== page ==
Monday, January 10, 2011

General William Arnold by William D. Arnold.

I received a nice letter from a Mr. William D. Bostick with a lot of great amount of information, on William Arnold. I found the information very interesting. I asked Mr. Bostick if I could reproduce the letters here and he was kind enough to do so.

With regard to 2nd Lt William Arnold of Kentucky, I wrote an earlier biography archieved at

Came across some additional information on his service (below)

Arnold, William, 2nd Lieut., U.S. Rifles. Rgt. Commander Col. T.A. Smith. AGO Washington DC March 18th 1823 to be 2-Lieut. Dec. 3 1812 Order book 1813 to 1815 Malden. Oct 17 1813 attached to Capt. Hamilton’s Co. – promoted Lieut. May 11 1814. MoRet (monthly return, i.e., muster) Sackett’s Harbor June 30 181?. A.R. Oct 1814. Present order dated Ref Fall Nov-5-1814. Ordered to Knoxville, Tenn, on recruiting service. MoRet Columbia SC Mar 15, 1815, Absent at Columbia OH GA AR Columbia Apr 30 1815 Present. MoRet Chalk Hill, near Columbia SC Jun 30, 1815. Absent with leave at Frankfort, KY.
Note the recruiting trip to East Tennessee (see below), and the reference to leave of absence to Frankfort, KY, where his parents resided. This is William Arnold, Second Lieutenants, Rifle regiment, Kentucky (commissioned Dec. 3, 1812)[1].

This military service is cited in a letter of introduction, written by Arnold’s former commanding officer, Edward P. Gaines:

Headquarters Western department, Memphis, Tenn., March 10, 1833
Dear Sir: I do myself the honor to introduce to your attention General William Arnold, whose name you will recognize as an officer of the First when you were lieutenant colonel of the United States rifle regiment.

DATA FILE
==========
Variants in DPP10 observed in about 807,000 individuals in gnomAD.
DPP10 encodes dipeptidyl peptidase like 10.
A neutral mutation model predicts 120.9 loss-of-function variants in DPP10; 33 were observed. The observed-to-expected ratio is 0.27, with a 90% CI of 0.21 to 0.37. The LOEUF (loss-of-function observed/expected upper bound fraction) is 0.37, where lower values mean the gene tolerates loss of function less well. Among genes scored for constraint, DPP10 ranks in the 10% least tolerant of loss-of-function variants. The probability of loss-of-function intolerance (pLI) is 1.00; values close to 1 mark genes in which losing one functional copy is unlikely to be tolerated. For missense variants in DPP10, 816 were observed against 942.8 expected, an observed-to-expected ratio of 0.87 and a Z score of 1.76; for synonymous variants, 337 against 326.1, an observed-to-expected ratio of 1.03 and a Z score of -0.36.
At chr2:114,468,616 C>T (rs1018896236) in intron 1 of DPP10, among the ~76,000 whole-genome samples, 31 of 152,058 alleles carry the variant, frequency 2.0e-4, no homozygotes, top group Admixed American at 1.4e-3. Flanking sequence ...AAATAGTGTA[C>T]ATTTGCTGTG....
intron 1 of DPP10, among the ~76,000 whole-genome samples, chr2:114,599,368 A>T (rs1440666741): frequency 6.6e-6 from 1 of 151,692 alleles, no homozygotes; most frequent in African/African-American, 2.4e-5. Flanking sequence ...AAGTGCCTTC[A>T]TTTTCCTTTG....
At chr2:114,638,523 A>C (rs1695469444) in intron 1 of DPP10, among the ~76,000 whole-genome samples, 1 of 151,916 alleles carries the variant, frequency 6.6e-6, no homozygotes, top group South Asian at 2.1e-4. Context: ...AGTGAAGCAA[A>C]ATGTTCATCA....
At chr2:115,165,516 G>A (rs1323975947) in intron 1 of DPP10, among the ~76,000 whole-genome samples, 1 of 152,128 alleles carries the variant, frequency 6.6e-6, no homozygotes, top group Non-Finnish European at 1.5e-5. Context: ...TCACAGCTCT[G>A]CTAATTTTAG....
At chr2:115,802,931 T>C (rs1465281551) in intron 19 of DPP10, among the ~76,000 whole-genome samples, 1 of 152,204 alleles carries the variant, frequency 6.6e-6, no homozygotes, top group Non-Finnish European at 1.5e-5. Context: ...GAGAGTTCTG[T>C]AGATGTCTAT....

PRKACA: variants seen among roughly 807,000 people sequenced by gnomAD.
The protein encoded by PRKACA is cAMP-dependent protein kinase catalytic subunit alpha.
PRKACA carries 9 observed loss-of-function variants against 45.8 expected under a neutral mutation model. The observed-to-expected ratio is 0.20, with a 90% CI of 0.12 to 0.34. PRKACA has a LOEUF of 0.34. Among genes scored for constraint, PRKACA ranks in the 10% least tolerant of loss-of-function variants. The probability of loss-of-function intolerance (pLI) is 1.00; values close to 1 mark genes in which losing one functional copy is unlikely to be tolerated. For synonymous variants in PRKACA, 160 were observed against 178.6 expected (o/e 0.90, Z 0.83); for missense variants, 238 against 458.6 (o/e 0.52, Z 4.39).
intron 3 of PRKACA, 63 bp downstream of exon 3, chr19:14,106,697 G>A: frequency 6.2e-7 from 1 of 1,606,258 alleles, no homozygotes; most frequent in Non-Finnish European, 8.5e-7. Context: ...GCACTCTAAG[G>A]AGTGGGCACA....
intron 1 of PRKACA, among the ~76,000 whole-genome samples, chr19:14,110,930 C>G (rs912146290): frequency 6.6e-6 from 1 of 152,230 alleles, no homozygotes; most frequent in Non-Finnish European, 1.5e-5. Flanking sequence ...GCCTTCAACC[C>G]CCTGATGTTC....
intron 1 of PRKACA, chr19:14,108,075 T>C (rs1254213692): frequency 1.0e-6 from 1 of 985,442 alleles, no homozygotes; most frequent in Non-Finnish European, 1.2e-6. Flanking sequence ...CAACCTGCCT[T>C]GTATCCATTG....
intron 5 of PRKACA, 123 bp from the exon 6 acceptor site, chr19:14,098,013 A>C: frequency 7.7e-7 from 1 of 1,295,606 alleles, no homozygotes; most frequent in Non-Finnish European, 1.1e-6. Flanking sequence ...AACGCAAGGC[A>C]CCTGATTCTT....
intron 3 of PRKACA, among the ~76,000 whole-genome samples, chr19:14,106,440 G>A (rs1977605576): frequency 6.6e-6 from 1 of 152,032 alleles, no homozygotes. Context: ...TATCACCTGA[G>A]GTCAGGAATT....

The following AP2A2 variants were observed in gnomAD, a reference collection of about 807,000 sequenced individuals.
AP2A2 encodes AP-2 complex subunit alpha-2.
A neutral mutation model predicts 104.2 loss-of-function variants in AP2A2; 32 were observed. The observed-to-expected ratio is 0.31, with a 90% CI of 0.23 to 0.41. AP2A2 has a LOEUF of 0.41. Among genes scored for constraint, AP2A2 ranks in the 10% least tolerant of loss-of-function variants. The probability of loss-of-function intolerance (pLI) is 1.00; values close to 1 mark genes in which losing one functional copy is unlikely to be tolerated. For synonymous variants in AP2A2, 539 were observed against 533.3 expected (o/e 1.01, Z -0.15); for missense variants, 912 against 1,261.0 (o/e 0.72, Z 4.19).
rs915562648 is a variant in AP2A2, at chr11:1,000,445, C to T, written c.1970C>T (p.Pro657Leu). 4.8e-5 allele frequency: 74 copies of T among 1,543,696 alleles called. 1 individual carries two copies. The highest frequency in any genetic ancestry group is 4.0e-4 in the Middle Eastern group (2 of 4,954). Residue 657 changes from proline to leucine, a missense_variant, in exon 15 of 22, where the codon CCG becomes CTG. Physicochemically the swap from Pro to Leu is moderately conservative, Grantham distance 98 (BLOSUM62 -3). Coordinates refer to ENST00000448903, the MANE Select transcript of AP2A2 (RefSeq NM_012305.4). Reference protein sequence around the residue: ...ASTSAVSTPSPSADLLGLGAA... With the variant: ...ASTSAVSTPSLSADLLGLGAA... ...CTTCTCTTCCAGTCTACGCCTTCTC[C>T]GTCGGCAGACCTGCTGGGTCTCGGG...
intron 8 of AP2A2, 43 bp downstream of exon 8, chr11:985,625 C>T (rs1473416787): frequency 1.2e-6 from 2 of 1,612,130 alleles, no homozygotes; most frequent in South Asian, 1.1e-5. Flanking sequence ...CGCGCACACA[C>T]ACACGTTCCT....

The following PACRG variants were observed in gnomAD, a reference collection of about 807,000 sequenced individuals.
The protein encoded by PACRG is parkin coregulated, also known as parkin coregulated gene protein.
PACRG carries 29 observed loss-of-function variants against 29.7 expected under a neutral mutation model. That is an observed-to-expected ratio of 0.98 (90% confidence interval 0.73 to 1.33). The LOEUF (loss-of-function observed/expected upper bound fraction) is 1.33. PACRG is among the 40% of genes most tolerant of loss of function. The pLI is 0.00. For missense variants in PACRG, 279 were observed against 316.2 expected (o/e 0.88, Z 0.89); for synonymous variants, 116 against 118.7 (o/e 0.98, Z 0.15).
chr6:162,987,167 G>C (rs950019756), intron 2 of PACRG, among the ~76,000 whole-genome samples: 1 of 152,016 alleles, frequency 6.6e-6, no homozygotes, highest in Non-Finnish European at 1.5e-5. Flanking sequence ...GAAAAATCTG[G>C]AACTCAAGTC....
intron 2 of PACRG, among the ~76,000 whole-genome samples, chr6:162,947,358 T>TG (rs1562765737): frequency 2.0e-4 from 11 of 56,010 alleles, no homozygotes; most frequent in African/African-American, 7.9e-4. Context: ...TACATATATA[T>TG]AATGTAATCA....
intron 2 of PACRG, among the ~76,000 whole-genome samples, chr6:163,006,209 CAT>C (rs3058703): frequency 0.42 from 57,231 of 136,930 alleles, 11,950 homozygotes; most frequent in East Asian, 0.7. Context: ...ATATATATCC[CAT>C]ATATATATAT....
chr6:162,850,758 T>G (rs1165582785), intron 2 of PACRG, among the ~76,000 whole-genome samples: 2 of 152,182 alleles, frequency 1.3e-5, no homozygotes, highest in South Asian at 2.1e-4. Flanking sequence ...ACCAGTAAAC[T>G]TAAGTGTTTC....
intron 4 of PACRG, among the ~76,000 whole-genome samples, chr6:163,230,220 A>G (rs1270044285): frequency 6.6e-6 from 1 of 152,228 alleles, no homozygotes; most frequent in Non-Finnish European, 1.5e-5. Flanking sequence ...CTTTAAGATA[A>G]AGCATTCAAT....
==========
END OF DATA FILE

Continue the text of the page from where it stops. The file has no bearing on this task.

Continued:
General Arnold visits Mexico with a view to ascertain and vindicate claims to lands in Texas in which he and some of his much-respected friends of this state are interested. He will advise you of the nature of his claims, about which I have had the means of knowing little or nothing. Of his military service, however, I have had the satisfaction to witness much, so much indeed, as to have it in my power to say that no other officer of his age or rank known to me contributed more to the achievements of the year 1811 upon the Ontario and Niagara frontier than General (then lieutenant) Arnold. He was one of the victors of Sandy creek[2] under Appling and of Conjockeity [Kenjockety Creek[3], Buffalo, NY] under Morgan, victories the first of which probably saved the fleet while in a state of preparation at Sackett’s Harbor. The last contributed mainly to save Brown’s division of the Army the day previous to my taking command, after which this first-rate sharpshooter was employed most actively in various conflicts at and in the vicinity of Fort Erie, where he was ever in the foremost of his regiment in feats of unsurpassed gallantry.
With a knowledge of these scenes of meritorious services, many of which I doubt not your recollection of the details of the war on the northern frontier has rendered familiar to you, I could not permit General Arnold to leave me for Mexico without an introduction, as I believe he has not had the pleasure of being personally known to you.